How COVID-Sniffing Dogs Can Help Screen Airport Passengers

As scientists continue to explore tools that can help us stay prepared and get ahead of any future pandemic breakouts, dogs have been utilized as one such tool with the potential to sniff out the virus in both symptomatic and asymptomatic individuals (via The Conversation).

One 2021 study, published in Forensic Science International: Synergy, utilized four breeds of canines to determine rates of accuracy in their ability to pick up the scent of COVID-19 through human breath samples using previously worn masks by hospitalized patients with confirmed cases of COVID-19. The dogs were also presented with masks worn by ill patients not infected with COVID-19, in addition to fresh, unused masks. Trained to indicate viral detection, the dogs proved to have over a 90% success rate in identifying masks worn by COVID-positive patients (via The Conversation).

But breath samples aren't the only way dogs can pick up on the presence of viruses. COVID-19 can also be picked up by dogs through our skin (via The Conversation) — as demonstrated in a new two-part study. Published in the British Medical Journal Global Health, four dogs were presented with skin swab samples from 114 COVID-positive individuals and over 300 samples from people having tested negative for the virus. All participants were tested using a self-administered PCR swab test and provided researchers with data regarding their symptoms and demographic information.

The strengths and limitations of canines for COVID screening

For the first part of the study, dogs were trained using positive reinforcement techniques to indicate positive COVID-19 skin samples that were concealed in cans (per British Medical Journal Global Health). As reported by HealthDay, study findings showed the canines to have a 92% success rate in identifying COVID-19-positive skin samples, a 91% success rate in detecting COVID-19-negative volunteer samples, and a more than 89% success rate at identifying asymptomatic COVID-positive individuals.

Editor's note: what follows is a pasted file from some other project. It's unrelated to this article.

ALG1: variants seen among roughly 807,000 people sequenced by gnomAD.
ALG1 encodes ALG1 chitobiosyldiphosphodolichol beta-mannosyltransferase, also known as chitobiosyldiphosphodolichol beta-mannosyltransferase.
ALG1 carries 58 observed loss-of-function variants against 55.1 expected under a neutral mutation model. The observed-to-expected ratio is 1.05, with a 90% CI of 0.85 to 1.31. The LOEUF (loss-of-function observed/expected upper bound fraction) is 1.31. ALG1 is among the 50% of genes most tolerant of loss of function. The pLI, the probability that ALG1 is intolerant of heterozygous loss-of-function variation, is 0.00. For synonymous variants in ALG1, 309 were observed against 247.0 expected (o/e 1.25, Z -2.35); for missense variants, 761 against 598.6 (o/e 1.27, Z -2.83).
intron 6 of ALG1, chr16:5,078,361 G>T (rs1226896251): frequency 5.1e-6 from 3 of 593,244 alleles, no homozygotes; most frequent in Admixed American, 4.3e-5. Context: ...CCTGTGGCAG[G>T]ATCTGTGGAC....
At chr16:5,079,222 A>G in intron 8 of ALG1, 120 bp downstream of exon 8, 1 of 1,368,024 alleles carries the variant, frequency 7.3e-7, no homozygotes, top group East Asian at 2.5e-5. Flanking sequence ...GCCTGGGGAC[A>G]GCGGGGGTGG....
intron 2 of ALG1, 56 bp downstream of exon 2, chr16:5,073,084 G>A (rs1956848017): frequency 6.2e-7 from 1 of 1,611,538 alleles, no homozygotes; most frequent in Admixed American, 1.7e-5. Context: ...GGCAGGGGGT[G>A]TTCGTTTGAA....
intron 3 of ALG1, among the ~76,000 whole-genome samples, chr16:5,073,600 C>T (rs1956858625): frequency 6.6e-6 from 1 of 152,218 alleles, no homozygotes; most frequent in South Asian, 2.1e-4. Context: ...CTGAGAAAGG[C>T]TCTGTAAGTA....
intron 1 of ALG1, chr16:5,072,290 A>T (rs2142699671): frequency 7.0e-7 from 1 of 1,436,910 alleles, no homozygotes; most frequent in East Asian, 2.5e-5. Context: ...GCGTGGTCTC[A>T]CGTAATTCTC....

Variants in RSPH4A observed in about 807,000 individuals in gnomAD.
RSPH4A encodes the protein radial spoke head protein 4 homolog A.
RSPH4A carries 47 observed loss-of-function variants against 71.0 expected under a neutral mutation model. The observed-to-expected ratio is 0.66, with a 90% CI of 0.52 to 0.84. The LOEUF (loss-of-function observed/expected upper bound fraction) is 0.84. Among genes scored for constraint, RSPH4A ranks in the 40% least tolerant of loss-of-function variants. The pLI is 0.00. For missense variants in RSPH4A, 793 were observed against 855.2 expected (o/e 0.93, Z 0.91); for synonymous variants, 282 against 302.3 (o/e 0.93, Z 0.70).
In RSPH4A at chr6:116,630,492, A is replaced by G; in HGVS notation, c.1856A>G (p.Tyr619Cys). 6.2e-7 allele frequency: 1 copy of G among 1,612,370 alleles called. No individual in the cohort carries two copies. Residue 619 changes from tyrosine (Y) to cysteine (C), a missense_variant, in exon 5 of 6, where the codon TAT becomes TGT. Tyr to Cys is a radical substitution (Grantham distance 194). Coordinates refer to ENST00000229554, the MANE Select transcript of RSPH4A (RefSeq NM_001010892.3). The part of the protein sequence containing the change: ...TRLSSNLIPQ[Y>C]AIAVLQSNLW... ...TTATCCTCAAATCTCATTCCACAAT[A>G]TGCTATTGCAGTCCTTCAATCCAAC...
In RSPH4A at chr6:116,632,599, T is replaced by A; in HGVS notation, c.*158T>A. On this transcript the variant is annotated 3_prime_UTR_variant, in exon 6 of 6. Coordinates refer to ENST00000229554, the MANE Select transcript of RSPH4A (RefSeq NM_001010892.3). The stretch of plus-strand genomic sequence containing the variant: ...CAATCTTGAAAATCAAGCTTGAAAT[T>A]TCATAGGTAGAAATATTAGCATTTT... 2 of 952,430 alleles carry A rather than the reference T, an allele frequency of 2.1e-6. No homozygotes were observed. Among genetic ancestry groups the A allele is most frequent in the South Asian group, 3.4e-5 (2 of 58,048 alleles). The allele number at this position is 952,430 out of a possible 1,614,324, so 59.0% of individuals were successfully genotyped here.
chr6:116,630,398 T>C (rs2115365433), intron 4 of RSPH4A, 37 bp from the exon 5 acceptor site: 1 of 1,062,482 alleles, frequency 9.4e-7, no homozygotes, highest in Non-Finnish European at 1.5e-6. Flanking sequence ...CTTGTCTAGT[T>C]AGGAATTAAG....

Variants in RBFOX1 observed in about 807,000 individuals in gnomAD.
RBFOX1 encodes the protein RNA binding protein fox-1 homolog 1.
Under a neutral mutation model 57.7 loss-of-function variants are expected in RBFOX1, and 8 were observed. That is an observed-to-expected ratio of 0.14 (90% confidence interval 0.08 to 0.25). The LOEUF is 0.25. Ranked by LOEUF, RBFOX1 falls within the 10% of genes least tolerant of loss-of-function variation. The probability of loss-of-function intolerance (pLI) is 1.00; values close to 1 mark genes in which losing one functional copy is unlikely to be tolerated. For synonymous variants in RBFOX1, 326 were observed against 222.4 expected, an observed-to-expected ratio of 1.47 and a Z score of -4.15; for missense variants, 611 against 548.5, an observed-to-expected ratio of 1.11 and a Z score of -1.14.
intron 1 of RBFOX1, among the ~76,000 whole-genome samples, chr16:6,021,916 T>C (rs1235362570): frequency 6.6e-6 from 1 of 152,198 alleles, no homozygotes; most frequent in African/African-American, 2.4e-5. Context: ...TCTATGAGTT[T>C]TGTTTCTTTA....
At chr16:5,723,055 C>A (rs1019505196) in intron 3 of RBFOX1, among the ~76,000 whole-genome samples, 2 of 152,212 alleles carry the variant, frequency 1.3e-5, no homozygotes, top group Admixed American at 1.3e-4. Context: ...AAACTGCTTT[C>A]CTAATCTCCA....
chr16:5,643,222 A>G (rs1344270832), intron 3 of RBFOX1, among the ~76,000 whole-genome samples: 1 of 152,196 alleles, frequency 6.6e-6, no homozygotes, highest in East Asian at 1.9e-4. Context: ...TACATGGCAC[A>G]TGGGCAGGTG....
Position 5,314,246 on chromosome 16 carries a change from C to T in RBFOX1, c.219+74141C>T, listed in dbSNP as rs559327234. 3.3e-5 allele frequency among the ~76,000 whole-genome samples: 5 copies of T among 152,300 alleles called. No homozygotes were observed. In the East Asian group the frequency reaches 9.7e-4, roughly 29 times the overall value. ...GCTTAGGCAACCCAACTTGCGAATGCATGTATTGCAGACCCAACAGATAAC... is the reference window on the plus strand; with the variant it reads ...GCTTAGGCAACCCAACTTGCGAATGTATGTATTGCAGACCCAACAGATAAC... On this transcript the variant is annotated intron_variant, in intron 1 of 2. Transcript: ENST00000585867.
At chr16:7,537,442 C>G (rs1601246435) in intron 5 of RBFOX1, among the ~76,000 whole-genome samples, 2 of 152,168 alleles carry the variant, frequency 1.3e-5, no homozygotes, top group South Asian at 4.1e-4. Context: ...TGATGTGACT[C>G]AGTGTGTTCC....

In the second portion of the study, the dogs' skills were put to the test at an airport in Finland over the course of several months (via HealthDay). In sniffing out passengers, the dogs proved to have a 99% success rate in detecting COVID-negative individuals. Researchers then exposed the dogs to swab samples from over 150 COVID-confirmed individuals, which the dogs identified with just shy of 99% accuracy.

Researchers acknowledged the limitations of the study, having only used one type of variant in canine training (via BMJ Global Health). The development of new variants seemed to influence canine accuracy. Although more research is needed, the study team shared that tailoring canine training to different emerging variants is easily within reach (via HealthDay). "Our preliminary observations suggest that dogs primed with one virus type can in a few hours be retrained to detect its variants," as written by the study authors in the research.